After this Williamson production, George left them temporarily. He joined with Harry Rickards, the Tivoli circuit owner,and presented A Bunch of Keys. This was the same production which he and Marietta had staged in London. The new company was called ‘The Harry Rickards Comedy Company and A Bunch of Keys was ‘produced under the directorship of Mr George Lauri.’

The show was not well received by critics, primarily due to its content rather than the cast. Like many shows of the time, the plot was negligible and an excuse to present a series of variety turns. The cast included Lottie Moore, and featured the debut of Willie Freear, an English comedian.

Marietta Nash, Mrs George Lauri, featured as a wildflower, ‘and a very pretty one too’ and she and George sang a duet, "Top Floor Flat" which was ‘rapturously redemanded’ by an enthusiastic audience. Although the critics were luke warm, the show had a good run of six weeks. It was followed by Dreams or Binks the Photographer directed by George Lauri and starring the same cast.

That December, George made a rare foray into pantomime. The Harry Rickards Comedy Company staged Jack the Giant Killer. It was Rickards’ first pantomime in Australia and was staged at the Theatre Royal in Sydney. George’s performance as the old maid was regarded as ‘highly amusing’ and the production was notable for the ‘Tiller Troupe of Dancers’. ‘They danced with the greatest vivacity and devil but without the slightest degree of vulgarity.’ The lack of vulgarity was a sign of Rickards’ early attempts to gentrify variety entertainment.

By 1898, George had abandoned his brief flirtation with production and was back working for JC Williamson. He rejoined the Royal Comic Opera Company for a Gilbert and Sullivan season that year. The Company included Carrie Moore, Howard Vernon and Dorothy Vane and the  season in Sydney included The Gondoliers with George playing The Duke of Plaza Toro. This was later considered one of his signature roles. George’s characterisation was notable for its ‘high bred, stately pomposity’. The Gondoliers was followed by Yeoman of the Guard.

One of Lauri’s favorite roles was Jack Point in Yeoman of the Guard. The character was one that suffered a sad fate. Disappointed in love, at the end of the opera he falls senseless at the feet of a happy couple. It was a role that allowed George to show a darker aspect to his acting. According to the Referee, ‘the pathos of Jack Point, the jester in The Yeoman of the Guard revealed another and deeper aspect of his art.’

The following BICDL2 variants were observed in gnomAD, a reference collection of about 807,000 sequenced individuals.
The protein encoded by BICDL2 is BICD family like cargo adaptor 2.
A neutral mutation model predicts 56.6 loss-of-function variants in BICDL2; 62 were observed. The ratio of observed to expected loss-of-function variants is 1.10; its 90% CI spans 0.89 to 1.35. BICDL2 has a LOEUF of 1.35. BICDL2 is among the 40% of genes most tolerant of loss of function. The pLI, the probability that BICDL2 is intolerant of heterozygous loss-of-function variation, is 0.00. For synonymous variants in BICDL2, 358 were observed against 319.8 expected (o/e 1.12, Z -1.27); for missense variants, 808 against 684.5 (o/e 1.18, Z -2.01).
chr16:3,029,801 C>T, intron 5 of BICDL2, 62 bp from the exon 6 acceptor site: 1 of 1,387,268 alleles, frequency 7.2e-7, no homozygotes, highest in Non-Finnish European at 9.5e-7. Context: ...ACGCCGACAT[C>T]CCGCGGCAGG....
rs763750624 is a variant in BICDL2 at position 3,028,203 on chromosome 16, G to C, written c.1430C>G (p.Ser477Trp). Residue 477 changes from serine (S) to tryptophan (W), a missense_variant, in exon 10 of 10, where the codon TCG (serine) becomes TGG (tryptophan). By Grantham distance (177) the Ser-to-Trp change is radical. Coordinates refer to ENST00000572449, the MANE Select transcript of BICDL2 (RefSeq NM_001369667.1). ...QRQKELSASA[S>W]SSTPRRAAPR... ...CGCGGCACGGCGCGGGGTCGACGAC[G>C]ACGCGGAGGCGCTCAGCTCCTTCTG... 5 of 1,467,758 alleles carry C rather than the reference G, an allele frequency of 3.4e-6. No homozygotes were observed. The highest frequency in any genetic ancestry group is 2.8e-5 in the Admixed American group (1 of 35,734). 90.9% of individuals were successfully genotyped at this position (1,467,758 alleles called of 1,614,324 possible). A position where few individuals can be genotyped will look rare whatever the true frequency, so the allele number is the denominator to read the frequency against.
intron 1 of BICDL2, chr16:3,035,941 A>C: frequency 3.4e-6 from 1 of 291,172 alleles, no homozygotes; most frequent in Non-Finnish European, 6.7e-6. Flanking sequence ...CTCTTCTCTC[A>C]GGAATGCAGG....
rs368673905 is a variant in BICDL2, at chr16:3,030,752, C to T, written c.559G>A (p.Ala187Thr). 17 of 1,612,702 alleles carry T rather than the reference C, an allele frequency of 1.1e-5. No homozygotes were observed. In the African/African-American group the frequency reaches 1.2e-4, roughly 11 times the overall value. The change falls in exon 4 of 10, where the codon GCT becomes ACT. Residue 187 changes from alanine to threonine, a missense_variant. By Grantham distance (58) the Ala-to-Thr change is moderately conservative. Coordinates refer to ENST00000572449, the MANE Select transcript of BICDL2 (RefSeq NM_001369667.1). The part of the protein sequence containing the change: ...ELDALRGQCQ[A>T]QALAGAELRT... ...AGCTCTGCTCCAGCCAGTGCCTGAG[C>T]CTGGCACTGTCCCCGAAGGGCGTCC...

1899 saw George create two roles, one of which was regarded as his best work. In February he appeared in the first Sydney production of The Geisha which co starred Florence Perry and Howard Vernon. George’s performance garnered rave reviews.

At the end of that year, George created the role of the Sheriff of Nottingham in the first Australian production of Robin Hood. It was a Royal Comic Opera Company production which included Carrie Moore and starred Charles Kenningham as Robin.

The next year, George recreated another of his famous roles, Polydore Poupart in The Old Guard. The production was staged at Her Majesty’s in Sydney and The Referee was enthusiastic saying that ‘there was not a dull moment when he was on’.

At the turn of the 20th century George Lauri had been working constantly on the Australian stage for almost nine years. He had created several comic characters for Australian audience and had played comedic parts in Gilbert and Sullivan, the dame in pantomime and played numerous other roles in musical comedy. He had also branched into production and direction. By 1901 George Lauri was a legend to Australian theatre audiences and a fixture with the Royal Comic Opera Company. He had a steady job in an unstable industry, a loving wife and a healthy son. George Lauri was an Australian success story.

George Lauri Part 2

In the early 1900s, comedian George Lauri was one of the most popular performers on the Australian stage. George was a reliable and respected member of the Australian theatrical profession and in all of his nine years in Australia, he had never missed a booking.After his death, the referee newspaper published part of an interview with George and in it, he discussed the profession of comedian. George said that ‘I hate it, I’d rather be a blacksmith than the stage funny man’ adding that he hated ‘my sham merriment when I don’t feel like it’. He added that he did not enjoy comedy and had ‘suffered for years.’

 Like many comedians there was a dark side to George’s character. Perhaps it was the side that created the ‘ pathos’ of Jack Point which he later stated was his favorite part.

He worked continuously with the Royal Comic Opera Company in the early 1900s. In 1905 he appeared in The Orchid at Her Majesty’s in Sydney. It was a gorgeously staged musical extravaganza that played to standing room only audiences. It ran for over six weeks and was replaced by The Cingalee. At Christmas 1905, George starred in The Girl from Keys.

The next year he performed in Veronique a comic opera with music by Audre Messager. The show starred Florence Young, Margaret Thomas, WS Percy and Haigh Jackson but it  was not reviewed favourably by critics yet was well patronised by audiences. It featured gorgeous sets designed to recreate rural France.